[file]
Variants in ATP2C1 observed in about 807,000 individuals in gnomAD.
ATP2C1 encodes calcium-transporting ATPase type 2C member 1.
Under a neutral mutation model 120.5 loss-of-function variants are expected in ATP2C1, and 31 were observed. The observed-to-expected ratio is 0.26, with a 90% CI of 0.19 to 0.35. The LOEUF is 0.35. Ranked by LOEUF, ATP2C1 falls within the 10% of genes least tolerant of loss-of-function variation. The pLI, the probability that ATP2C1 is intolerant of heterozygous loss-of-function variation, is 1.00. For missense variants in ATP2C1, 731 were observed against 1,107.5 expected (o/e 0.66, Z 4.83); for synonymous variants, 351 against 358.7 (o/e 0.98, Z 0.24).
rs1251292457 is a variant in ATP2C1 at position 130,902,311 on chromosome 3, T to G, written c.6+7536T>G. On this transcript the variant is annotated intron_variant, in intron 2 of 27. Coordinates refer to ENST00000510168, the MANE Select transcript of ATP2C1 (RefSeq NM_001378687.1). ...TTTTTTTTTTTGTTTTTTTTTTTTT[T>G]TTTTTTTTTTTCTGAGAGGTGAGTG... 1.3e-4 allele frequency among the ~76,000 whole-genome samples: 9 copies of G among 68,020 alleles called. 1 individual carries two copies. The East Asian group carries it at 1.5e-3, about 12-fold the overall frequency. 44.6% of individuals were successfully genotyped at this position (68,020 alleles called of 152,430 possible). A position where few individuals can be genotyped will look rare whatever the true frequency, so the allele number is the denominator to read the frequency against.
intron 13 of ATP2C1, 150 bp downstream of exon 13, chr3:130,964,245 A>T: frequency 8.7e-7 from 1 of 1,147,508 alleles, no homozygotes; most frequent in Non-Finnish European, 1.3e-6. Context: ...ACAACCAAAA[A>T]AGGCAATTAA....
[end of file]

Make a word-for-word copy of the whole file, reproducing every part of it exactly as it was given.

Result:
Variants in ATP2C1 observed in about 807,000 individuals in gnomAD.
ATP2C1 encodes calcium-transporting ATPase type 2C member 1.
Under a neutral mutation model 120.5 loss-of-function variants are expected in ATP2C1, and 31 were observed. The observed-to-expected ratio is 0.26, with a 90% CI of 0.19 to 0.35. The LOEUF is 0.35. Ranked by LOEUF, ATP2C1 falls within the 10% of genes least tolerant of loss-of-function variation. The pLI, the probability that ATP2C1 is intolerant of heterozygous loss-of-function variation, is 1.00. For missense variants in ATP2C1, 731 were observed against 1,107.5 expected (o/e 0.66, Z 4.83); for synonymous variants, 351 against 358.7 (o/e 0.98, Z 0.24).
rs1251292457 is a variant in ATP2C1 at position 130,902,311 on chromosome 3, T to G, written c.6+7536T>G. On this transcript the variant is annotated intron_variant, in intron 2 of 27. Coordinates refer to ENST00000510168, the MANE Select transcript of ATP2C1 (RefSeq NM_001378687.1). ...TTTTTTTTTTTGTTTTTTTTTTTTT[T>G]TTTTTTTTTTTCTGAGAGGTGAGTG... 1.3e-4 allele frequency among the ~76,000 whole-genome samples: 9 copies of G among 68,020 alleles called. 1 individual carries two copies. The East Asian group carries it at 1.5e-3, about 12-fold the overall frequency. 44.6% of individuals were successfully genotyped at this position (68,020 alleles called of 152,430 possible). A position where few individuals can be genotyped will look rare whatever the true frequency, so the allele number is the denominator to read the frequency against.
intron 13 of ATP2C1, 150 bp downstream of exon 13, chr3:130,964,245 A>T: frequency 8.7e-7 from 1 of 1,147,508 alleles, no homozygotes; most frequent in Non-Finnish European, 1.3e-6. Context: ...ACAACCAAAA[A>T]AGGCAATTAA....